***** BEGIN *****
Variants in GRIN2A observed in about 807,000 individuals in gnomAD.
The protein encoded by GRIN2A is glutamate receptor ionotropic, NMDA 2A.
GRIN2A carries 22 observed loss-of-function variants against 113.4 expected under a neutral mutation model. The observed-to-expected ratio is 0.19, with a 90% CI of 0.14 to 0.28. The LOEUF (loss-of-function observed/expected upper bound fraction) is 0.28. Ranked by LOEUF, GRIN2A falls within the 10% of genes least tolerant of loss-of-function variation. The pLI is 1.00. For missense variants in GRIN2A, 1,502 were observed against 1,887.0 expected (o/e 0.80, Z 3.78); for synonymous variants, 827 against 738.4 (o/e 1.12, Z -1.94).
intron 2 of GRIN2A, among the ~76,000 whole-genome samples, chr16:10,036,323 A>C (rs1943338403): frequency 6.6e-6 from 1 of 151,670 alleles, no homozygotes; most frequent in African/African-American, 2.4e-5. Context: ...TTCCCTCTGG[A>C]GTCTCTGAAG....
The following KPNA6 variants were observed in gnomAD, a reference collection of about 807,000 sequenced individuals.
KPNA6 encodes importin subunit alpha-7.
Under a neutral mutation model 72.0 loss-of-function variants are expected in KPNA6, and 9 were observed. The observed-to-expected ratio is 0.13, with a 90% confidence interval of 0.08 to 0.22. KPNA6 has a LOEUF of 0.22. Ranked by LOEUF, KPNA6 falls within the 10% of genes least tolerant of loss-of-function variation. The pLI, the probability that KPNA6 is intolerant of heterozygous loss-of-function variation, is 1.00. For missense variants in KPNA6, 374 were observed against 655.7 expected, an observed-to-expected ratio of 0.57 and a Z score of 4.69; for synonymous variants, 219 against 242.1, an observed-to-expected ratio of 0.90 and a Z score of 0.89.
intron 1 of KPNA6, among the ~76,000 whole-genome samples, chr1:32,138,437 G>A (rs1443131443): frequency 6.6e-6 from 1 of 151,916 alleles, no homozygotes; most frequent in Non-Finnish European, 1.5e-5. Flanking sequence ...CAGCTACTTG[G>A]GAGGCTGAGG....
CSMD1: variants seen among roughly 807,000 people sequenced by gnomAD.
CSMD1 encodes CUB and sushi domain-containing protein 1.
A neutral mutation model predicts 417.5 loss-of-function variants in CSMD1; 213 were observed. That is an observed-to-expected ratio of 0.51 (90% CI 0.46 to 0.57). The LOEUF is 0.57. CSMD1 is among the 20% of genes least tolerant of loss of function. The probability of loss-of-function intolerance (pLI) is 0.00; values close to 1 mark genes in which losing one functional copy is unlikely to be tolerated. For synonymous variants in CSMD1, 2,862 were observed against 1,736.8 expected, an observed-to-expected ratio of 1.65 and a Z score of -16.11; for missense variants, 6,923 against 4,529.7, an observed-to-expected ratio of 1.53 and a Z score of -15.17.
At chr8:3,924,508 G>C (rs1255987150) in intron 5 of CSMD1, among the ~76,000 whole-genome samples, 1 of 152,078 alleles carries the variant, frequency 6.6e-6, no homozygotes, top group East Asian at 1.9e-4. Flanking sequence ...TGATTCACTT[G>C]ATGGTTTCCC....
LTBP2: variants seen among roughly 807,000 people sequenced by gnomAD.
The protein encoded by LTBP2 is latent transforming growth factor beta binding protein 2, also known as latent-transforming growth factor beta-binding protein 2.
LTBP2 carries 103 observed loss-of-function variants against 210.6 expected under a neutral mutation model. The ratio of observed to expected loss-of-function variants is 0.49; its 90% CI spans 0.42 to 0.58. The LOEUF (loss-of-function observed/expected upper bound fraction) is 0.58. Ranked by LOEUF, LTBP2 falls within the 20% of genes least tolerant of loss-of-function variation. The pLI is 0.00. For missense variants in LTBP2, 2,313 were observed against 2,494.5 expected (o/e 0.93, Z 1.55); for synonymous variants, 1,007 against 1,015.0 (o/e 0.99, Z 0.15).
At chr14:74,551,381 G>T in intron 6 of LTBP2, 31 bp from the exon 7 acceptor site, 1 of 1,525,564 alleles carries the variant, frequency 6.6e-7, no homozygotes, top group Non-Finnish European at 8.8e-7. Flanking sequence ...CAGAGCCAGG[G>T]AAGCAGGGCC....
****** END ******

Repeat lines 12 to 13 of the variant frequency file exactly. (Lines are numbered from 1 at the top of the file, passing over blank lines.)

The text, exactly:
At chr8:3,924,508 G>C (rs1255987150) in intron 5 of CSMD1, among the ~76,000 whole-genome samples, 1 of 152,078 alleles carries the variant, frequency 6.6e-6, no homozygotes, top group East Asian at 1.9e-4. Flanking sequence ...TGATTCACTT[G>C]ATGGTTTCCC....
LTBP2: variants seen among roughly 807,000 people sequenced by gnomAD.